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  • Frederick II: Medieval Multiculturalism? January 5, 2016

    Author: Beach Combing | in : Medieval
    Frederick II: Medieval Multiculturalism?

    Frederick II stands as one of the most fascinating figures of the Middle Ages. Not the least interesting aspect of his personality was his entirely unmedieval attitude to God and to matters religious, perhaps partly a result of his upbringing in a still residually Muslim Sicily: he had a disconcerting habit of acting like an enlightenment […]

    Hating Medieval Cats #4: Waldensian Cats November 20, 2015

    Author: Beach Combing | in : Medieval
    Hating Medieval Cats #4: Waldensian Cats

    Another in our description of the cult of hate for medieval cats. The following text is anonymous and appeared in a fourteenth-century hand in MS Cotton Julius D, xi, fol. 84 r. It is short and it entitled Errores Valdensium, the Errors of the Waldensians. The Waldensians, for the uninitiated were a Christian sect that […]

    Hating Medieval Cats #3: Dominic’s Cat November 11, 2015

    Author: Beach Combing | in : Medieval
    Hating Medieval Cats #3: Dominic's Cat

    Looking at medieval cat hating Beach came across this reference, from Etienne of Bourbon (again ran into the story in that wonderful book of Barillari, Protostoria della Strega, the translation though is not hers). We are no longer with the cat in a sabat. But this has to be one of the best demon descriptions of […]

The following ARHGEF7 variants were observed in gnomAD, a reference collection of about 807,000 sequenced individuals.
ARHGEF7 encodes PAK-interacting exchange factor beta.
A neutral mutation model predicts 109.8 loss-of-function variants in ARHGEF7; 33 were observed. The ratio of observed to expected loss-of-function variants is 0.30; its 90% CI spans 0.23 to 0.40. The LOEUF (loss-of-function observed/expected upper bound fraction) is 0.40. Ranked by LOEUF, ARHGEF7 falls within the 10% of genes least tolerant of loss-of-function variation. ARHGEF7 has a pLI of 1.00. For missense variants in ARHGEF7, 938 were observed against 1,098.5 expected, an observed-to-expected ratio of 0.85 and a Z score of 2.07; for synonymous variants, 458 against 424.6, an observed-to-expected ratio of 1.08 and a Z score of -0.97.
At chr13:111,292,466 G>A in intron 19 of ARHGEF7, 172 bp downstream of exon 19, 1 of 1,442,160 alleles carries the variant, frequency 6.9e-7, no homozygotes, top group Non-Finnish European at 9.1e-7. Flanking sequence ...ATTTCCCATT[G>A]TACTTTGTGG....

Hating Medieval Cats #1: The Rope Cat November 2, 2015

    Author: Beach Combing | in : Medieval
    Hating Medieval Cats #1: The Rope Cat

    The black cat has been visited before on this blog: particularly the question of luck and cats. In three special posts we want to visit the question of why black cats came to be so hated in many parts of Europe. Here is one of the most interesting early texts, which comes from Walter Map, […]

    Fat Virgin Mary in the Lost Provinces September 26, 2015

    Author: Beach Combing | in : Modern
    Fat Virgin Mary in the Lost Provinces

    In 1871 Prussia (on its way to becoming Germany) seized by force and then won by negotiation Alsace and Lorraine, an act that secured their Rhine territories and that arguably led to two world wars: the lost provinces would cost millions of lives. ‘What flag flies over Strasburg?’ asks a nineteenth-century politician returned from the […]

    Dead Babies and Creature and Vitalis September 20, 2015

    Author: Beach Combing | in : Medieval, Modern
    Dead Babies and Creature and Vitalis

    You are reading through a medieval or early modern English record and you come across the name Vitalis or alternatively Creature, as you will from time to time. Two random examples. Vitalis, son of Richard Engaine, and Sara his wife, released his manor of Dagworth in 1217 to Margery de Cressi. 1550, Nov 5. Buried […]

    Unlucky Minister and Fishing Boats September 10, 2015

    Author: Beach Combing | in : Contemporary
    Unlucky Minister and Fishing Boats

      Priests and monks have long considered to be unlucky in European folklore. If you met a priest in 1400 walking down a Derbyshire or Pyrenean road you would straight away do something to ward off bad luck: touch wood, your testicles etc etc. Priests and monks understandably got quite testy at being treated as albatrosses, […]

    Waldensian Courage, Waldensian Blood September 2, 2015

    Author: Beach Combing | in : Medieval, Modern
    Waldensian Courage, Waldensian Blood